Monoallelic mutations within several Fanconi anemia complementation group genes, including FANCD1/BRCA2, FANCJ/BRIP1, FANCO/RAD51C, and FANCN/PALB2, confer a moderate to high risk for breast cancer (BC) and/or ovarian cancer (OC),1-3 while the role of other Fanconi anemia–associated genes in BC and/or OC pathogenesis remains elusive. Among those genes, FANCM (OMIM 609644) is a plausible candidate because the FANCM protein and its binding partner FAAP24 (OMIM 610884) are essentially required to anchor the multi-subunit Fanconi anemia core complex to chromatin after DNA damage.4 So far, 2 truncating germline variants within the FANCM gene, c.5101C>T (p.GIn1701Ter [rs147021911]) and c.5791C>T (p.Arg1931Ter [rs144567652]), have been associated with an increased BC risk.5-7

A study in the Finnish population revealed the nonsense variant c.5101C>T to be associated with familial BC.6 With a carrier frequency (CF) of 1.83% (38 in 2080) in female control individuals, this variant appears to be particularly frequent in the Finnish population. Overall, the c.5101C>T mutation was found in 3.39% (45 in 1327) of BRCA1 (OMIM 113705) and BRCA2 (OMIM 600185)–negative familial BC cases (odds ratio [OR], 2.11; 95% CI, 1.34-3.32; P = .001) with an even higher CF of 5.88% (12 in 204) observed in a subgroup of mainly unselected cases with a triple-negative (TN) BC tumor phenotype (OR, 3.56; 95% CI, 1.81-6.98; P < .001). No significant correlation was established in 548 unselected OC cases (OR, 1.56; 95% CI, 0.75-3.26; P = .23). A multinational study investigating c.5791C>T, the second variant shown to be associated with BC, in 8635 BRCA1 and BRCA2–negative familial BC cases and 6625 control individuals confirmed an association between truncating FANCM mutations and BC risk, with a CF of 0.21% (18 in 8635) in cases and 0.06% (4 in 6625) in controls and an OR of 3.93 (95% CI, 1.28-12.11; P = .02).7 The c.5791C>T variant has shown to create an exonic splicing silencer, resulting in incomplete exon 22 skipping and protein truncation (p.Gly1906Alafs12Ter). Thus, the c.5791C>T nonsense variant is only barely detectable on transcript level.7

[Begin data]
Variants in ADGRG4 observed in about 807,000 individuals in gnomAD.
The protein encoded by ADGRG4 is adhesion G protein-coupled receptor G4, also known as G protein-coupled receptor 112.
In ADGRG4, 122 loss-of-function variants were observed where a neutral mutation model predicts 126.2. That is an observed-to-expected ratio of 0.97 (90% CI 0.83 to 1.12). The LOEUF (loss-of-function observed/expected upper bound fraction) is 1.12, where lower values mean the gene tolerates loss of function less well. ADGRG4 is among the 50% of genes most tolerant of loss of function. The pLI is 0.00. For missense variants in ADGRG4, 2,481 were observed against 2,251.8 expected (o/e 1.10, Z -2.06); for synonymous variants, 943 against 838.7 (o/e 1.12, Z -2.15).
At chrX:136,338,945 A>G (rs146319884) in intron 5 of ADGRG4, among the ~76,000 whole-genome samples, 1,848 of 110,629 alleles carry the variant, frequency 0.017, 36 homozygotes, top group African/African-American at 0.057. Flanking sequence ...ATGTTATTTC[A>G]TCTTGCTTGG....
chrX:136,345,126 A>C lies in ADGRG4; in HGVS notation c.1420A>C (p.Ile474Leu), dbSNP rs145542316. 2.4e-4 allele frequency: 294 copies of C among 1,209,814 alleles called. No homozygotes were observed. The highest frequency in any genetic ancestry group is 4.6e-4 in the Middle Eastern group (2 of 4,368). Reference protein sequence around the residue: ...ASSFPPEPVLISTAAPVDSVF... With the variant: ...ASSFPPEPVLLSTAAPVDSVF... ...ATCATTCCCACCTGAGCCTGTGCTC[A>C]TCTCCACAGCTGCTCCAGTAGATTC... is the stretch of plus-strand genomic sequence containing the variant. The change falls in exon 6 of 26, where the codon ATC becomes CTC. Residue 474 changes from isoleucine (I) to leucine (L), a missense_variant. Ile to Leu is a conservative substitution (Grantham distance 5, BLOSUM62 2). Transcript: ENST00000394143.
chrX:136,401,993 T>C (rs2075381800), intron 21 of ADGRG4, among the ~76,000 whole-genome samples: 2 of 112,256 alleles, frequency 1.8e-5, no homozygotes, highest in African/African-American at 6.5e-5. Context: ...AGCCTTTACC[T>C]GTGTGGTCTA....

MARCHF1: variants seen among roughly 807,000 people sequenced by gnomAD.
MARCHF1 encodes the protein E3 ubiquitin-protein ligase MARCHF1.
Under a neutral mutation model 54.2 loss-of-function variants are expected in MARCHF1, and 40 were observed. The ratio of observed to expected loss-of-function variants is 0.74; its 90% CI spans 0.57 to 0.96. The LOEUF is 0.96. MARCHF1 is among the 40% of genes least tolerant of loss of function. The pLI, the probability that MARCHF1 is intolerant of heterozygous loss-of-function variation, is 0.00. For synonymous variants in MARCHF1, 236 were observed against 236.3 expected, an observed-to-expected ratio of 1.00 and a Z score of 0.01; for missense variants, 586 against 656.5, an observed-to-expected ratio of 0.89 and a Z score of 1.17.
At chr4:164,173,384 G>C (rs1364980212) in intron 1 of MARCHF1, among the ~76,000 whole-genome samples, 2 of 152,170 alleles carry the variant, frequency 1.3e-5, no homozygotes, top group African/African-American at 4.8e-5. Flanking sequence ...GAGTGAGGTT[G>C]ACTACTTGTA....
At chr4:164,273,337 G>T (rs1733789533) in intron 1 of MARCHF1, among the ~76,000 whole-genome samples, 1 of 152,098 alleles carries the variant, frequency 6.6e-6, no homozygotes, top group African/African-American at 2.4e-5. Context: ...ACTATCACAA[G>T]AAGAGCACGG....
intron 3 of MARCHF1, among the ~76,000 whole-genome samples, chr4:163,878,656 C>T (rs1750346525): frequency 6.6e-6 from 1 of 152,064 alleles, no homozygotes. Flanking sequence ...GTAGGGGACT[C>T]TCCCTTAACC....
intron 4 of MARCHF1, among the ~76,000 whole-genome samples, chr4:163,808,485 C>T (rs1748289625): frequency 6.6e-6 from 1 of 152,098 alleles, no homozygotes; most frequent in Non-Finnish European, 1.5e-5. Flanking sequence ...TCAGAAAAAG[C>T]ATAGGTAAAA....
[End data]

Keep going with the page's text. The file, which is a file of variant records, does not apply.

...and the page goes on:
Because all studies described to date rely on only 2 truncating germline variants, mutational analysis of the entire coding region of the FANCM gene in patients and geographically matched controls is pending. Moreover, a higher cumulative number of patients known to carry truncating FANCM mutations is required to establish genotype-phenotype correlations, especially regarding the TNBC tumor phenotype and cancer site.

Methods

In the course of a whole exome sequencing approach, we identified the c.5101C>T germline mutation in a BRCA1 and BRCA2–negative familial BC index case from a high-risk family of German origin, which prompted us to analyze the FANCM gene in detail. The mutation was also present in the affected mother and maternal aunt, both affected by BC (eFigure in the Supplement). Based on the whole exome sequencing data provided by the Exome Aggregation Consortium, 0.65% of more than 22000 individuals of non-Finnish European origin carried heterozygous loss-of-function (LoF) mutations within the FANCM gene (excluding The Cancer Genome Atlas data; eTable 1 in the Supplement). To assess the cumulative CF of FANCM in the German population, we analyzed the whole exome sequencing data of a cohort of 2187 independent individuals not enriched for cancer phenotypes. Concordant with the data provided by the Exome Aggregation Consortium, 11 in 2187 controls carried heterozygous germline LoF mutations, resulting in a cumulative CF of 0.50% (eTable 1 in the Supplement).